Many organisations are seeking to reduce the cost and CO₂ emissions of their vehicle fleet. Targeted performance improvement initiatives, such as focusing on engine efficiency in fleet vehicles, can deliver some reductions. However, this neglects significant opportunities that can only be realised by developing a coherent fleet strategy.
Organisations must establish a long-term strategic view of their fleet requirements as the basis for a fleet strategy that delivers a more cost-efficient capability and enables the organisation to meet targets for reducing CO₂ emissions.
Understanding fleet requirements
To establish a more efficient fleet and reap the benefits in terms of lower costs and an enhanced reputation with stakeholders and customers, organisations must:
understand their current and future business operating models: in recent years many businesses have significantly changed the way they provide goods and services to customers. However, often they have not changed their transport capability to reflect this, often neglecting to re-shape their fleet to reflect a new mix of long, medium and short journeys.
identify the type of transport required to support the business operating model: does the organisation actually need a vehicle fleet? Can services be delivered remotely? Should staff make better use of public transport? Can delivery of goods be outsourced?
assess the role of vehicle provision within an overall compensation package: given the evolution of vehicle tax policy, are there more tax-efficient ways of rewarding staff than by providing a fleet vehicle? For many employees working in cities, the benefits of a company car are diminishing.
Improving fleet performance
With a clear understanding of future fleet requirements, organisations are in a stronger position to develop a fleet strategy to reduce CO₂ emissions and costs. In particular they can:
procure the right number and type of vehicles more cost-efficiently. Spare fleet can be minimised, vehicles are not over-specified, greater discounts can be negotiated and more efficient procurement routes can be used
take a more strategic approach to CO₂ reduction across vehicle type (including the use of hybrid and electric vehicles) and vehicle usage (for example vehicle loading, driving style, vehicle routing). For example, for urban usage, fleet managers can consider electric vehicles (EVs), scooters and electric bikes. For long-distance journeys, diesel-fulled vehicles are still the most efficient, but alternatives such as biodiesel, plug-in hybrids and CNG-powered vehicles are emerging, providing fleet managers with new possibilities for aligning business objectives with environmental targets.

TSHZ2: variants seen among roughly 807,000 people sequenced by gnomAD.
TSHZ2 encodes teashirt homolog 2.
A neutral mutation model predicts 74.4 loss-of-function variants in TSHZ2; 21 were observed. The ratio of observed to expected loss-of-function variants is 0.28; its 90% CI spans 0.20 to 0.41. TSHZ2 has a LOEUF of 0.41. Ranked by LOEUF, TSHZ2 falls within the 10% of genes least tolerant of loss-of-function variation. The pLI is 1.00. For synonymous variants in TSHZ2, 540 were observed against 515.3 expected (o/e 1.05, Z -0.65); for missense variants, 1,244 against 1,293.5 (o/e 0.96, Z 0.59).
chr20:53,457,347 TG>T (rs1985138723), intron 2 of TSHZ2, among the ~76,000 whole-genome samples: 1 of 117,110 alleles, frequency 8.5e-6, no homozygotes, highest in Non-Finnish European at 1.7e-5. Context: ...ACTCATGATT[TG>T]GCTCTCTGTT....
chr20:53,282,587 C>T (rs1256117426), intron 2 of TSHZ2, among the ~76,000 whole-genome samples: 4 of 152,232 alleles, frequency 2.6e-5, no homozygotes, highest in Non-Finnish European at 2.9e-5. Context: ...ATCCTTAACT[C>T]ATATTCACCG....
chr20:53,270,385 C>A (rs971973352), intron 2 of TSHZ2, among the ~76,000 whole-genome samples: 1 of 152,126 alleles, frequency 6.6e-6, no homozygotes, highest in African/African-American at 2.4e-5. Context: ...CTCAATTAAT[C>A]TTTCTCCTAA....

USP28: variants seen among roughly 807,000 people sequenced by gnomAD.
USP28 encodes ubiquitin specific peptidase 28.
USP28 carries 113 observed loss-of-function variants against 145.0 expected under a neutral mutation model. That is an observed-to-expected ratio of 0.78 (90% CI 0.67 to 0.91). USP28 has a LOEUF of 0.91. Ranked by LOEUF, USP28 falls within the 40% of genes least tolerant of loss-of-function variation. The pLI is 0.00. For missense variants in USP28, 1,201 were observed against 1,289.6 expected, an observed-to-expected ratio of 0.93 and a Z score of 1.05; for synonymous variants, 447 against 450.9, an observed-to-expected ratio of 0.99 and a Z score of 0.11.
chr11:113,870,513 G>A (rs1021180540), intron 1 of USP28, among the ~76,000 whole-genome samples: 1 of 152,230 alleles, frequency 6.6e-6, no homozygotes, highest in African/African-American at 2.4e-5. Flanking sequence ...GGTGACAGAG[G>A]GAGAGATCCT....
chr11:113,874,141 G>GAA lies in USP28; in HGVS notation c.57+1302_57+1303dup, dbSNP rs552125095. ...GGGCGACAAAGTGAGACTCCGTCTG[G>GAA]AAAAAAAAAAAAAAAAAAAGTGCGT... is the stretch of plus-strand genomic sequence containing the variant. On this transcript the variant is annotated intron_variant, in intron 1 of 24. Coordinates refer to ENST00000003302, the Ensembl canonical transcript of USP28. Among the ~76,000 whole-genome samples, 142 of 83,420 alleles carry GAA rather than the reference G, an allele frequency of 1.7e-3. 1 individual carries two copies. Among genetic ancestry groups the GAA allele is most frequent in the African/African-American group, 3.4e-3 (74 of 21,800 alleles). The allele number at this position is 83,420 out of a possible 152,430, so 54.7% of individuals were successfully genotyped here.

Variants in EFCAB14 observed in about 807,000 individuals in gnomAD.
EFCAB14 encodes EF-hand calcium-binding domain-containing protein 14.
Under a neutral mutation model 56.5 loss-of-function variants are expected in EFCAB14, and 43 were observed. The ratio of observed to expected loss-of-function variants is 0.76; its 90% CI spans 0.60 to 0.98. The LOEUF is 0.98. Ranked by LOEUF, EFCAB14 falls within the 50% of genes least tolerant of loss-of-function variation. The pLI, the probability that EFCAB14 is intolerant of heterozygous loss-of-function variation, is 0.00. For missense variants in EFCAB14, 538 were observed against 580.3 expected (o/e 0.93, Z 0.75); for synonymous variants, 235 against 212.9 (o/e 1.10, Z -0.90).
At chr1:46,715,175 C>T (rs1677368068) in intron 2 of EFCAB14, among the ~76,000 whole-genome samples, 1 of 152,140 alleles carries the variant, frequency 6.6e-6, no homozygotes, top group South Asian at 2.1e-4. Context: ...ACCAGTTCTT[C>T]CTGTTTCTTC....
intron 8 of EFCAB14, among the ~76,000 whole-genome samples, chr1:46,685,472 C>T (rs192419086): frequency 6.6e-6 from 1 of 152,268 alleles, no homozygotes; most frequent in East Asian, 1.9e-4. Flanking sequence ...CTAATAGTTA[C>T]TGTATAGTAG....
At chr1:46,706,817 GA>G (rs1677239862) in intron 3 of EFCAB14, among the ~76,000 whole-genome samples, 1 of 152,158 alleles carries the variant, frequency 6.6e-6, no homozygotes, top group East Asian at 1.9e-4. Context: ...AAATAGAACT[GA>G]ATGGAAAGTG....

- capitalise on financial incentives for EVs and Plug-In Hybrid Electric Vehicles (PHEVs). Incentives, either in the form of bonus payments or tax relief/exemptions, are available in most EU countries. France, for example, offers €7,000 towards the purchase of EVs and €5,000 towards PHEVs. Norway excludes EVs from VAT, which represents a saving of approximately €4,500 per vehicle.
set appropriate performance indicators for the fleet, allowing the organisation to monitor and drive down costs and CO₂ emissions
integrate vehicle (and driver) related technology. In some cases organisations are currently buying vehicle-tracking technology that replicates handheld technology provided to drivers.
PA Consulting Group has worked with a range of private and public sector organisations to develop fleet strategies reducing fleet costs by an average 10% and CO₂ emissions by a similar amount.
To find out how PA can help you develop an effective fleet strategy, please contact us now.